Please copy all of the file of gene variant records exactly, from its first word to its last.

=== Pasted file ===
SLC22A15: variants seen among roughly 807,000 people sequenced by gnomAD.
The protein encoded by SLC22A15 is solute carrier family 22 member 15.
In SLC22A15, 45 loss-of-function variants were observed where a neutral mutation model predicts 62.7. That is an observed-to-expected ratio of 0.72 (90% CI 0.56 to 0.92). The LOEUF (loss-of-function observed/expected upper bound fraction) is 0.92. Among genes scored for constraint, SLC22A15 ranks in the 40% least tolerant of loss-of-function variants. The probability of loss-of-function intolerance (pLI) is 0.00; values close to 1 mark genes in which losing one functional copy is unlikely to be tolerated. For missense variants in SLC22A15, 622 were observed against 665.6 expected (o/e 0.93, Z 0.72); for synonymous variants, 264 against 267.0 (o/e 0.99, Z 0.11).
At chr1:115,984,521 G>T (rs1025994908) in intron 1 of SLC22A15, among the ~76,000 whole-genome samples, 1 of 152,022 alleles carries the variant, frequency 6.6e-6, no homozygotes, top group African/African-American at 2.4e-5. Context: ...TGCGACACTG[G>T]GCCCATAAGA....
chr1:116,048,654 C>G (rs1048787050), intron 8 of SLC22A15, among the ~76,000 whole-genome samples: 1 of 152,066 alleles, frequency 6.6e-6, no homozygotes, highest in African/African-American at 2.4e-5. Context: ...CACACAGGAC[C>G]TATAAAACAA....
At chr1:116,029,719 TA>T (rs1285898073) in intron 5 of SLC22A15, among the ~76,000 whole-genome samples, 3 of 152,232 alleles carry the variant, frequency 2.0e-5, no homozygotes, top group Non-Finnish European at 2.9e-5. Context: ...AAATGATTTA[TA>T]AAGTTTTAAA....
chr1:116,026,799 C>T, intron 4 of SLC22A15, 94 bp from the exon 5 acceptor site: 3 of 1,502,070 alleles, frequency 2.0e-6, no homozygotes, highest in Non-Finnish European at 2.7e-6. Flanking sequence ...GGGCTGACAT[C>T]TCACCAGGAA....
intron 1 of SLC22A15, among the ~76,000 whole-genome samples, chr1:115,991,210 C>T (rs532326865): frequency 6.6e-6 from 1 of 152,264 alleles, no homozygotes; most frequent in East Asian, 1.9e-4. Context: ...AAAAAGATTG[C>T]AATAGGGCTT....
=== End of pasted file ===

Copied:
SLC22A15: variants seen among roughly 807,000 people sequenced by gnomAD.
The protein encoded by SLC22A15 is solute carrier family 22 member 15.
In SLC22A15, 45 loss-of-function variants were observed where a neutral mutation model predicts 62.7. That is an observed-to-expected ratio of 0.72 (90% CI 0.56 to 0.92). The LOEUF (loss-of-function observed/expected upper bound fraction) is 0.92. Among genes scored for constraint, SLC22A15 ranks in the 40% least tolerant of loss-of-function variants. The probability of loss-of-function intolerance (pLI) is 0.00; values close to 1 mark genes in which losing one functional copy is unlikely to be tolerated. For missense variants in SLC22A15, 622 were observed against 665.6 expected (o/e 0.93, Z 0.72); for synonymous variants, 264 against 267.0 (o/e 0.99, Z 0.11).
At chr1:115,984,521 G>T (rs1025994908) in intron 1 of SLC22A15, among the ~76,000 whole-genome samples, 1 of 152,022 alleles carries the variant, frequency 6.6e-6, no homozygotes, top group African/African-American at 2.4e-5. Context: ...TGCGACACTG[G>T]GCCCATAAGA....
chr1:116,048,654 C>G (rs1048787050), intron 8 of SLC22A15, among the ~76,000 whole-genome samples: 1 of 152,066 alleles, frequency 6.6e-6, no homozygotes, highest in African/African-American at 2.4e-5. Context: ...CACACAGGAC[C>G]TATAAAACAA....
At chr1:116,029,719 TA>T (rs1285898073) in intron 5 of SLC22A15, among the ~76,000 whole-genome samples, 3 of 152,232 alleles carry the variant, frequency 2.0e-5, no homozygotes, top group Non-Finnish European at 2.9e-5. Context: ...AAATGATTTA[TA>T]AAGTTTTAAA....
chr1:116,026,799 C>T, intron 4 of SLC22A15, 94 bp from the exon 5 acceptor site: 3 of 1,502,070 alleles, frequency 2.0e-6, no homozygotes, highest in Non-Finnish European at 2.7e-6. Flanking sequence ...GGGCTGACAT[C>T]TCACCAGGAA....
intron 1 of SLC22A15, among the ~76,000 whole-genome samples, chr1:115,991,210 C>T (rs532326865): frequency 6.6e-6 from 1 of 152,264 alleles, no homozygotes; most frequent in East Asian, 1.9e-4. Context: ...AAAAAGATTG[C>T]AATAGGGCTT....